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Mid Coast Center for Community Health & Wellness Newsletter
March 2019
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Top 11 Men's Health Issues

Men's Health Issues

Some people often joke that men take better care of their cars than their own health. According to the Men's Health Network, factors contributing to a decline in men’s health are related to a lack of awareness, inadequate health education, unhealthy work habits, and personal lifestyle, as well as a tendency to not seek help.

The three most common lifestyle habits contributing to poor health for men are smoking, drinking, and over eating. Fortunately, these habits can be changed, thus preventing or reducing the incidence of many of the top ten health risk for men.

Reduce your risk of these top health issues for men by speaking with your healthcare provider:

  1. Cardiovascular Disease: According to the American Heart Association, one in three men have some form of cardiovascular disease. An estimated 2.8 million men experience a stroke each year and hypertension is occurring more frequently in younger men. Regular medical visits are important for monitoring blood pressure, cholesterol, and heart health.
  2. Respiratory Disease: According to the American Lung Association, each year, more men are diagnosed with lung cancer than in the year past. Occupational hazards such as exposure to asbestos contribute to this risk, but smoking remains the leading cause of lung cancer, emphysema, and other respiratory diseases.
  3. Prostate Cancer: The most common form of cancer for men and the second leading cancer death for men is prostate cancer. Typically considered a disease for older men, in reality, prostate cancer can occur in younger men. It is very treatable if found early, supporting the case for regular checkups.
  4. Erectile Dysfunction: A common health problem, especially for me with diabetes or prostate issues, is erectile dysfunction. There are a number of reasons why men develop erectile dysfunction, many of which can be treated. Don't give up hope: seek medical advice.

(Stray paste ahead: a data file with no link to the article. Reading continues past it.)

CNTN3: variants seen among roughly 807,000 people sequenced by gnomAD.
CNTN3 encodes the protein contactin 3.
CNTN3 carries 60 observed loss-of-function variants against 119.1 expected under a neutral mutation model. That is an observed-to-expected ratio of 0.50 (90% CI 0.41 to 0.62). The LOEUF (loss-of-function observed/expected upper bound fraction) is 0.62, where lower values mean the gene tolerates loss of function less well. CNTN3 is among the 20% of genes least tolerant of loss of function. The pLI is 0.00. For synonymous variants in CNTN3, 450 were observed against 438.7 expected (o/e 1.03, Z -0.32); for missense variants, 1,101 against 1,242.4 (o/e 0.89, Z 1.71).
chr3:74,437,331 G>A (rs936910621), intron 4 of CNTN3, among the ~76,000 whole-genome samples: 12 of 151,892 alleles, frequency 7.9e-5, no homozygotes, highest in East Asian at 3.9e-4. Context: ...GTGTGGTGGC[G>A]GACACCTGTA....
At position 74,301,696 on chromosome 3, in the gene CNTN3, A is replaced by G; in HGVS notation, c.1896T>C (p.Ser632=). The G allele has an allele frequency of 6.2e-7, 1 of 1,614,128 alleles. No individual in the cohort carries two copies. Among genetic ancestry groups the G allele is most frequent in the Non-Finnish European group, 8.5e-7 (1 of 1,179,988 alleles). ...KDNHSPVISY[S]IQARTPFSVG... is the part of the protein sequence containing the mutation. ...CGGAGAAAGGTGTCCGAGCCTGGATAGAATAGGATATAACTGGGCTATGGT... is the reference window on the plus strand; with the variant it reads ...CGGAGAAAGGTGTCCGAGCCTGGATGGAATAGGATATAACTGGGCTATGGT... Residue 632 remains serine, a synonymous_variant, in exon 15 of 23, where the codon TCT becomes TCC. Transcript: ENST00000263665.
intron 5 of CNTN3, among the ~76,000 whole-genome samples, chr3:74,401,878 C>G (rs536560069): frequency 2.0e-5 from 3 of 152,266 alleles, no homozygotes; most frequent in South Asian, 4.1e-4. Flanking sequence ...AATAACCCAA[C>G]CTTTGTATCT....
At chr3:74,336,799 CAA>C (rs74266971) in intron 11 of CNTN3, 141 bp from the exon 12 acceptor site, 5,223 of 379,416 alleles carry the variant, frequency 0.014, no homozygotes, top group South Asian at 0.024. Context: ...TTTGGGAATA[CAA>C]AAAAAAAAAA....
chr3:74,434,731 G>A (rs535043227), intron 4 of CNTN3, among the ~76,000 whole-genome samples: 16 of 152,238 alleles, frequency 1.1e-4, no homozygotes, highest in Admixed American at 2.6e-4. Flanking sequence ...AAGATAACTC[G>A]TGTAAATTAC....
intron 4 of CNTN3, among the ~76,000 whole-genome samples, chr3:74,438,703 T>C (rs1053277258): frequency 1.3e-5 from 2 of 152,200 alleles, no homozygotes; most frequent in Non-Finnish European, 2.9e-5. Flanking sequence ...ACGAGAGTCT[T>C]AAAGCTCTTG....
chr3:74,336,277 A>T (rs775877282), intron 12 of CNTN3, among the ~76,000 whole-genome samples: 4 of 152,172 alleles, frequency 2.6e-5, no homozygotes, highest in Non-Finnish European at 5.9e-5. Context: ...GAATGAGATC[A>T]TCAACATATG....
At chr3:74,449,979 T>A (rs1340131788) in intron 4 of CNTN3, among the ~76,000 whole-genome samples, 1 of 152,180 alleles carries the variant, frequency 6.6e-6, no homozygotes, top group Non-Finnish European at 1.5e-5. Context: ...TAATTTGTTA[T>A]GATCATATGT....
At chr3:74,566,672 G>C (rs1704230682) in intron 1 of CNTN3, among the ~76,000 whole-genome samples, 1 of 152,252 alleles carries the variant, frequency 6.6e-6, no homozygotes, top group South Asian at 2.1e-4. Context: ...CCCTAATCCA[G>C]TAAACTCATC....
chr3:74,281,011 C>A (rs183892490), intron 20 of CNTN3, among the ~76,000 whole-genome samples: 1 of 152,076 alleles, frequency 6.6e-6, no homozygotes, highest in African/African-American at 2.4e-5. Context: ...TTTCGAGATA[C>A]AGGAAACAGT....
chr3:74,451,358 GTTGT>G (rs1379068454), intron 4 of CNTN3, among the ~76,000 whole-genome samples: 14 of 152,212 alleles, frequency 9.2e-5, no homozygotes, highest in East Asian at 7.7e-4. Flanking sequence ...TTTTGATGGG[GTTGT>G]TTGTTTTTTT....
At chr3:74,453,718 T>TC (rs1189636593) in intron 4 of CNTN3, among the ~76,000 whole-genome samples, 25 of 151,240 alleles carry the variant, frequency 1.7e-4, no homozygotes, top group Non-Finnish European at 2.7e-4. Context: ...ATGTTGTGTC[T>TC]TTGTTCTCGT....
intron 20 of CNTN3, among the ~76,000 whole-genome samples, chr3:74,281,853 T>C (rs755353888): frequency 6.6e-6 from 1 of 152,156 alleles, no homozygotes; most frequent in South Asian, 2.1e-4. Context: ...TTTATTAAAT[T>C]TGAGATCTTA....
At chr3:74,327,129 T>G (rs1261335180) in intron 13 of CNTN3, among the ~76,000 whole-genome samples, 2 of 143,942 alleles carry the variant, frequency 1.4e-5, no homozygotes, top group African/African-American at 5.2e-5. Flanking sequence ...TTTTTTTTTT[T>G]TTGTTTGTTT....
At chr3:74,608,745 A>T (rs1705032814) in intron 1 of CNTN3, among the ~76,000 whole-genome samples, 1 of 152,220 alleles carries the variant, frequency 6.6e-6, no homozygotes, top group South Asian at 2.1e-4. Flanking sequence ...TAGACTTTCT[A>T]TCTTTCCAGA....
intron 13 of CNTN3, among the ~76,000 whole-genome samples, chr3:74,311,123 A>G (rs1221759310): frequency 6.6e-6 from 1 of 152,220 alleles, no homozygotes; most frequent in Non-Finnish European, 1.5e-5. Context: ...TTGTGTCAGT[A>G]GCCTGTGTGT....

5. Alcohol Use: The CDC notes that men experience higher rates than women for alcohol-related deaths and hospitalizations. Drinking alcohol increases the risk of cancers of the mouth, throat, esophagus, liver, and colon. It also interferes with testicular function and hormone production.
  6. Depression and Suicide: Men experience depression differently than women, often reporting symptoms of fatigue and irritability. Men are also less likely to acknowledge the condition and seek help. Though women are more likely to attempt suicide, men are more successful with their suicide attempts.
  7. Unintentional Injuries and Accidents: According to the CDC, unintentional injuries were the third leading cause of death for men in 2009, behind heart disease and cancer. Unintentional injuries accounted for 6.2% of deaths in men versus 3.5% in women.
  8. Diabetes: Diabetes presents a unique set of complications for men, including lower testosterone levels which can lead to a greater risk for sexual impotence, and can lead to depression and anxiety. Untreated diabetes also contributes to heart disease, nerve and kidney damage, and vision problems.
  9. Skin Cancer: According to the Skin Cancer Foundation , men 50 years and older are at a higher risk for developing skin cancer – more than twice as often as women. This higher risk is likely related to more frequent sun exposure and fewer visits to the doctor.
  10. Influenza and Pneumonia: Other men's health issues, including COPD, diabetes, AIDS, and cancer, make men more susceptible to influenza and pneumonia. The American Lung Association currently recommends influenza and pneumococcal vaccination for men aged older than 65 years.
  11. Liver Disease: Men have a greater risk of liver diseases, such as cirrhosis and alcoholic liver, due to higher levels of alcohol and tobacco use. Also, men who have sex with men are at increased risk for viral hepatitis B.
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